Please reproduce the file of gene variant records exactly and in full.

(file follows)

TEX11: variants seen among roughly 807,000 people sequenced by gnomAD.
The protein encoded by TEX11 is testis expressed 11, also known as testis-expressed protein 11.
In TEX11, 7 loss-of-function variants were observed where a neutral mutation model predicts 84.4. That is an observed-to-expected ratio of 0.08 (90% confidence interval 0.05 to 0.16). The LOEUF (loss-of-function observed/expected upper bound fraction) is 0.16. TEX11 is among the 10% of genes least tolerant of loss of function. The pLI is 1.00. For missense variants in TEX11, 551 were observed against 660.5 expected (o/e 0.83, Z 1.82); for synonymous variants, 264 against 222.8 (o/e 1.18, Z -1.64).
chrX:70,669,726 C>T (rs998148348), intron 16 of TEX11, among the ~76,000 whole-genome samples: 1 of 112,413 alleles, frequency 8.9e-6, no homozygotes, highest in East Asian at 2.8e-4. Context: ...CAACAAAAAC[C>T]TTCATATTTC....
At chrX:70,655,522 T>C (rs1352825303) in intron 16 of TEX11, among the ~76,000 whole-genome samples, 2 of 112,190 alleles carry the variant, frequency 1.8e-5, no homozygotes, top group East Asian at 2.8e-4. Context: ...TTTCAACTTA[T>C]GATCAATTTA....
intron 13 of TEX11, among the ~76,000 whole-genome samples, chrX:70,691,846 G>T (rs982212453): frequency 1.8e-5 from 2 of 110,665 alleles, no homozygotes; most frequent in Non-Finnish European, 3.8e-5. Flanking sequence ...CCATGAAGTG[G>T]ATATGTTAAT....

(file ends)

TEX11: variants seen among roughly 807,000 people sequenced by gnomAD.
The protein encoded by TEX11 is testis expressed 11, also known as testis-expressed protein 11.
In TEX11, 7 loss-of-function variants were observed where a neutral mutation model predicts 84.4. That is an observed-to-expected ratio of 0.08 (90% confidence interval 0.05 to 0.16). The LOEUF (loss-of-function observed/expected upper bound fraction) is 0.16. TEX11 is among the 10% of genes least tolerant of loss of function. The pLI is 1.00. For missense variants in TEX11, 551 were observed against 660.5 expected (o/e 0.83, Z 1.82); for synonymous variants, 264 against 222.8 (o/e 1.18, Z -1.64).
chrX:70,669,726 C>T (rs998148348), intron 16 of TEX11, among the ~76,000 whole-genome samples: 1 of 112,413 alleles, frequency 8.9e-6, no homozygotes, highest in East Asian at 2.8e-4. Context: ...CAACAAAAAC[C>T]TTCATATTTC....
At chrX:70,655,522 T>C (rs1352825303) in intron 16 of TEX11, among the ~76,000 whole-genome samples, 2 of 112,190 alleles carry the variant, frequency 1.8e-5, no homozygotes, top group East Asian at 2.8e-4. Context: ...TTTCAACTTA[T>C]GATCAATTTA....
intron 13 of TEX11, among the ~76,000 whole-genome samples, chrX:70,691,846 G>T (rs982212453): frequency 1.8e-5 from 2 of 110,665 alleles, no homozygotes; most frequent in Non-Finnish European, 3.8e-5. Flanking sequence ...CCATGAAGTG[G>T]ATATGTTAAT....